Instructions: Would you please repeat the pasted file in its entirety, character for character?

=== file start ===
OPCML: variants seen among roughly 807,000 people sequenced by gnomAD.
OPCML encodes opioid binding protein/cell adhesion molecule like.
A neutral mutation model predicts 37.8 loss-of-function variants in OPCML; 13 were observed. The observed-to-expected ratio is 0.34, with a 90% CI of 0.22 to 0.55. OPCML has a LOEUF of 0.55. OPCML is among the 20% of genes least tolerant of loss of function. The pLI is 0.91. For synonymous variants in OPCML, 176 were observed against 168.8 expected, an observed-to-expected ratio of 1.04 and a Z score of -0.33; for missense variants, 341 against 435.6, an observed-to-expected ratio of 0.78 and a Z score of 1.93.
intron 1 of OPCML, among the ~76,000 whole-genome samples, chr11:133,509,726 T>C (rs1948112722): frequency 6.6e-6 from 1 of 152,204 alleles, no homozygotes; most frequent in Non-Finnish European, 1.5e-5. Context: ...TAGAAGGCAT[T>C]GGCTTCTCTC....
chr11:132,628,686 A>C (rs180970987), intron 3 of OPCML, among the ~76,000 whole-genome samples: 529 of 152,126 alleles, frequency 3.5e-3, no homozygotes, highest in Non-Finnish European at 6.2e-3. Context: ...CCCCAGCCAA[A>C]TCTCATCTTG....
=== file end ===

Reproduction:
OPCML: variants seen among roughly 807,000 people sequenced by gnomAD.
OPCML encodes opioid binding protein/cell adhesion molecule like.
A neutral mutation model predicts 37.8 loss-of-function variants in OPCML; 13 were observed. The observed-to-expected ratio is 0.34, with a 90% CI of 0.22 to 0.55. OPCML has a LOEUF of 0.55. OPCML is among the 20% of genes least tolerant of loss of function. The pLI is 0.91. For synonymous variants in OPCML, 176 were observed against 168.8 expected, an observed-to-expected ratio of 1.04 and a Z score of -0.33; for missense variants, 341 against 435.6, an observed-to-expected ratio of 0.78 and a Z score of 1.93.
intron 1 of OPCML, among the ~76,000 whole-genome samples, chr11:133,509,726 T>C (rs1948112722): frequency 6.6e-6 from 1 of 152,204 alleles, no homozygotes; most frequent in Non-Finnish European, 1.5e-5. Context: ...TAGAAGGCAT[T>C]GGCTTCTCTC....
chr11:132,628,686 A>C (rs180970987), intron 3 of OPCML, among the ~76,000 whole-genome samples: 529 of 152,126 alleles, frequency 3.5e-3, no homozygotes, highest in Non-Finnish European at 6.2e-3. Context: ...CCCCAGCCAA[A>C]TCTCATCTTG....